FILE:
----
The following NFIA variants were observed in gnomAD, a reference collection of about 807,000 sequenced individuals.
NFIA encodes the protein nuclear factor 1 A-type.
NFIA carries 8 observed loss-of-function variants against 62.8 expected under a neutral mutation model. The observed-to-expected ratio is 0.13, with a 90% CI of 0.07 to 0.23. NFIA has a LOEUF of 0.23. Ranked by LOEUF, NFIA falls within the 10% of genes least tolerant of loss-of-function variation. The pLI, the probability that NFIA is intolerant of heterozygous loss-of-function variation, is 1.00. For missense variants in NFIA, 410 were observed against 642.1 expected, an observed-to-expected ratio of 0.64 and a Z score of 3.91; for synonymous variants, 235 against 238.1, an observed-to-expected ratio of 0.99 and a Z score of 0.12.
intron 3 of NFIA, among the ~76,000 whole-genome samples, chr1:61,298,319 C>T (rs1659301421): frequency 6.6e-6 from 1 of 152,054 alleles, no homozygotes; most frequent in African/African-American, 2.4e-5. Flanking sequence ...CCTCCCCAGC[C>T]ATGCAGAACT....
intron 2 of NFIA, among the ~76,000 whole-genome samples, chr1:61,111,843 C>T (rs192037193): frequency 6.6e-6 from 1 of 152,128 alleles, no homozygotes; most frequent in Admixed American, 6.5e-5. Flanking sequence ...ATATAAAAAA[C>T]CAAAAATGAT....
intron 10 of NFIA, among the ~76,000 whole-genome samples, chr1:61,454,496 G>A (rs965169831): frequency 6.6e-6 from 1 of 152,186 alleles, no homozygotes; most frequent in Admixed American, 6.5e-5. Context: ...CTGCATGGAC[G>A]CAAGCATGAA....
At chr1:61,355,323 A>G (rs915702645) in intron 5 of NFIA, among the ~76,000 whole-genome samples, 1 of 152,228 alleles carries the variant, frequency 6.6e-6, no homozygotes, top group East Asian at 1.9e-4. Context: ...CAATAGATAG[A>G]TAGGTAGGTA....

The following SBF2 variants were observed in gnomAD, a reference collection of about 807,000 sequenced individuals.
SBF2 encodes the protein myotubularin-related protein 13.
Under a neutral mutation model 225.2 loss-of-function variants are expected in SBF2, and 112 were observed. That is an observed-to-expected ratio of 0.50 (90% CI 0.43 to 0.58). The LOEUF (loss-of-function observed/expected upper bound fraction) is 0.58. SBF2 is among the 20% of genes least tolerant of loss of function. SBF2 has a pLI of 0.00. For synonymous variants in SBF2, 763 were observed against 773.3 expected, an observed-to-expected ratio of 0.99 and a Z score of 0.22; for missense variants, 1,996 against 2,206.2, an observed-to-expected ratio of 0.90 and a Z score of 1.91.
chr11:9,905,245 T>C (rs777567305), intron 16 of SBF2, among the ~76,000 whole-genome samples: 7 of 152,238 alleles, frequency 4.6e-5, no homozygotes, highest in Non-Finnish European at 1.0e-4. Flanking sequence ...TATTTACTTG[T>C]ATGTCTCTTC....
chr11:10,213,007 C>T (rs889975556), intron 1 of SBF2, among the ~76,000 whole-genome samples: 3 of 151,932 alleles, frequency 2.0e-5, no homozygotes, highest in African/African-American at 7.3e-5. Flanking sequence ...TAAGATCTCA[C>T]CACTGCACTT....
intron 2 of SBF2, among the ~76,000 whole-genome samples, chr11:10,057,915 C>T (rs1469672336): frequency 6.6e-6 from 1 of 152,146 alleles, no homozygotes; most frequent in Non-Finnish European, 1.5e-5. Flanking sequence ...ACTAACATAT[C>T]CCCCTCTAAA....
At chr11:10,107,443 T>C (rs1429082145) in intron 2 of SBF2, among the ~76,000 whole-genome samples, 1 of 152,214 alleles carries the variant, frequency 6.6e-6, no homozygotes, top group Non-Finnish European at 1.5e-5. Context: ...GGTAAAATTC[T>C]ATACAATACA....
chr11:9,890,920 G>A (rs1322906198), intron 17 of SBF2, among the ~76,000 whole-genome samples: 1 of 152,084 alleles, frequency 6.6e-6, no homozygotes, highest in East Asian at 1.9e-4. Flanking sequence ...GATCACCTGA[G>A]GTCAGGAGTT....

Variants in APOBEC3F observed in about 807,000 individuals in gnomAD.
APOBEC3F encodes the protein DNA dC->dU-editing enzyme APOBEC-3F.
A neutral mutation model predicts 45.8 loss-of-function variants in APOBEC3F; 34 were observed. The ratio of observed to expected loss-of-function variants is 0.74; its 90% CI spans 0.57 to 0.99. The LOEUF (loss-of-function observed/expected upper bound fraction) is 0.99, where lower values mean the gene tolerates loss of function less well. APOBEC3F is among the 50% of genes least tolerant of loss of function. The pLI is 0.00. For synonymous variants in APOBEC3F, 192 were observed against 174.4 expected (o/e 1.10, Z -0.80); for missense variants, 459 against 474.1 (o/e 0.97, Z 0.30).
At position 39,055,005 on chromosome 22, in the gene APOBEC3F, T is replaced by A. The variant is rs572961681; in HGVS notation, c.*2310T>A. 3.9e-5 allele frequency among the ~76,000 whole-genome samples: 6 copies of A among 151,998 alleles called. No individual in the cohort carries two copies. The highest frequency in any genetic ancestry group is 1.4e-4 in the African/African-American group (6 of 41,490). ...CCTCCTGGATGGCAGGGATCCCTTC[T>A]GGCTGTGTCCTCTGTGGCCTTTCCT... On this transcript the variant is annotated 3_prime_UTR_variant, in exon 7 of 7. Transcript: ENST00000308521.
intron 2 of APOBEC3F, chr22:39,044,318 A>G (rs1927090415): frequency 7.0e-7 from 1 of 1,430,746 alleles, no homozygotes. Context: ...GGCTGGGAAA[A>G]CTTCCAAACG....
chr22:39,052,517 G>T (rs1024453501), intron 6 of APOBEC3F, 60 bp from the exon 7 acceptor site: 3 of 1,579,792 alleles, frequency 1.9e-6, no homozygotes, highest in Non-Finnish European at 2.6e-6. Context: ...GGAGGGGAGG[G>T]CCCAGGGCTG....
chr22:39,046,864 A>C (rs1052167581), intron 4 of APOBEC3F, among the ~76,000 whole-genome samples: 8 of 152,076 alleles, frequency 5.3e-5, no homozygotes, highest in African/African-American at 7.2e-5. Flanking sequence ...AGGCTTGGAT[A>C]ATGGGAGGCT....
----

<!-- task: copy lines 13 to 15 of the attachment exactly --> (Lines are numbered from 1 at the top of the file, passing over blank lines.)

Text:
intron 2 of SBF2, among the ~76,000 whole-genome samples, chr11:10,057,915 C>T (rs1469672336): frequency 6.6e-6 from 1 of 152,146 alleles, no homozygotes; most frequent in Non-Finnish European, 1.5e-5. Flanking sequence ...ACTAACATAT[C>T]CCCCTCTAAA....
At chr11:10,107,443 T>C (rs1429082145) in intron 2 of SBF2, among the ~76,000 whole-genome samples, 1 of 152,214 alleles carries the variant, frequency 6.6e-6, no homozygotes, top group Non-Finnish European at 1.5e-5. Context: ...GGTAAAATTC[T>C]ATACAATACA....
chr11:9,890,920 G>A (rs1322906198), intron 17 of SBF2, among the ~76,000 whole-genome samples: 1 of 152,084 alleles, frequency 6.6e-6, no homozygotes, highest in East Asian at 1.9e-4. Flanking sequence ...GATCACCTGA[G>A]GTCAGGAGTT....